I give a lot of presentations and Slide:ology is one of the best books I've read on the subject. One of the things that I learned was setting up a grid system in your presentation software using snap lines, which not only gives you a much cleaner layout on the page but it also ensures that the elements you place on the slides are consistent from page to page, which is less distracting for the audience. Slide:ology covers two variations on such grids, the simple rectangle and a Fibonacci based grid.

And now we run headlong into the software problem; my presentation software of choice, OpenOffice, has made the decision to store snapline information with each individual presentation. Not only that but there is no way to import or export a snapline configuration. Which means that adding snaplines to an already built presentation, or changing the grid layout on a presentation, requires manually placing each snapline, along with using a calculator to determine positions, which is incredibly tedious. Until today.

Laziness, impatient and hubris are the three great virtues of a programmer, and I'm way too lazy and impatient to fiddle with snaplines more than a couple times, so I wrote a Python script (grid.py) to add snaplines to an OpenOffice Impress presentation. The source is located here on Google code hosting.

$python grid.py --help Usage: grid.py [options] Adds grid lines of various geometries to OpenOffice Impress Presenations. Always creates a new file with the grid lines, never overwrites the original file. Options: -h, --help show this help message and exit -f MxN, --fibonacci=MxN Fibonnaci grid of MxN cells -r MxN, --rectangular=MxN Rectangular grid of MxN cells -m MARGIN, --margin=MARGIN Margin, in units of inches NNin or centimeters NNcm  Grid.py is very careful to not modify your original file. If you run: $ python grid.py --fibonacci=5x5 --margin=0.25in MyPreso.odp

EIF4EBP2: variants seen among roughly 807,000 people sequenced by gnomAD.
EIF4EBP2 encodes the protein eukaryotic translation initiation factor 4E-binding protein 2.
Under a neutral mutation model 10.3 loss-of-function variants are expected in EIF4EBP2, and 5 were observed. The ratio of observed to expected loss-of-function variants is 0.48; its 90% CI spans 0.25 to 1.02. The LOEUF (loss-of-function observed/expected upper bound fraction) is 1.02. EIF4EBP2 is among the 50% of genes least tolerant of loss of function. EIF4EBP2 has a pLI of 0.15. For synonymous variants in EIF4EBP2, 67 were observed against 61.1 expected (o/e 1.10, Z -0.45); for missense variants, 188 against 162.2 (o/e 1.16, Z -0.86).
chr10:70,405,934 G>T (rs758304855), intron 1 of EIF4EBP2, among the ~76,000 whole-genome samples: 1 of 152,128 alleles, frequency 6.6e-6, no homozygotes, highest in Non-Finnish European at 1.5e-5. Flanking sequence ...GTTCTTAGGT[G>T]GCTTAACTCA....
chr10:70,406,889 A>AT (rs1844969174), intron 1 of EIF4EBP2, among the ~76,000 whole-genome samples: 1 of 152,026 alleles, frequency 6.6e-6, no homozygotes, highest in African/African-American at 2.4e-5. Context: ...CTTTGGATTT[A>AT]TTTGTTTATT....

It will create a copy of the presentation, grid-MyPreso.odp, that has the specified snaplines.

This was bit more tedious to write than I expected, first because the snaplines locations don't seem to be part of the Impress format that got standardized, so there was a tiny bit of discovery involved in how they are specified. I then had to go through the same discovery process to figure out the dimensions of the master page which you need to calculate the correct location for the grid lines. Finally I had to deal with OpenOffices file format. While OpenOffice serializes its data into a format that can be consumed by an XML parser, OpenOffice itself does not use XML. Merely opening an XML file, modifying it, and then serializing it back to XML isn't guaranteed to make it consumable by OpenOffice. I'm not sure if it was unhappy about changing the namespace prefixes, or if it was a QName problem, but Python's minidom was the only XML library that I found that could placate OpenOffice.

Last note, the code is hosted in http://code.google.com/p/jcgregorio/, which is just a project of small scripts of mine that to are too small to require their own standalone project. I got the idea from someone, but for the life of me I can't remember who, but thanks to them for the idea.

Update: First patch.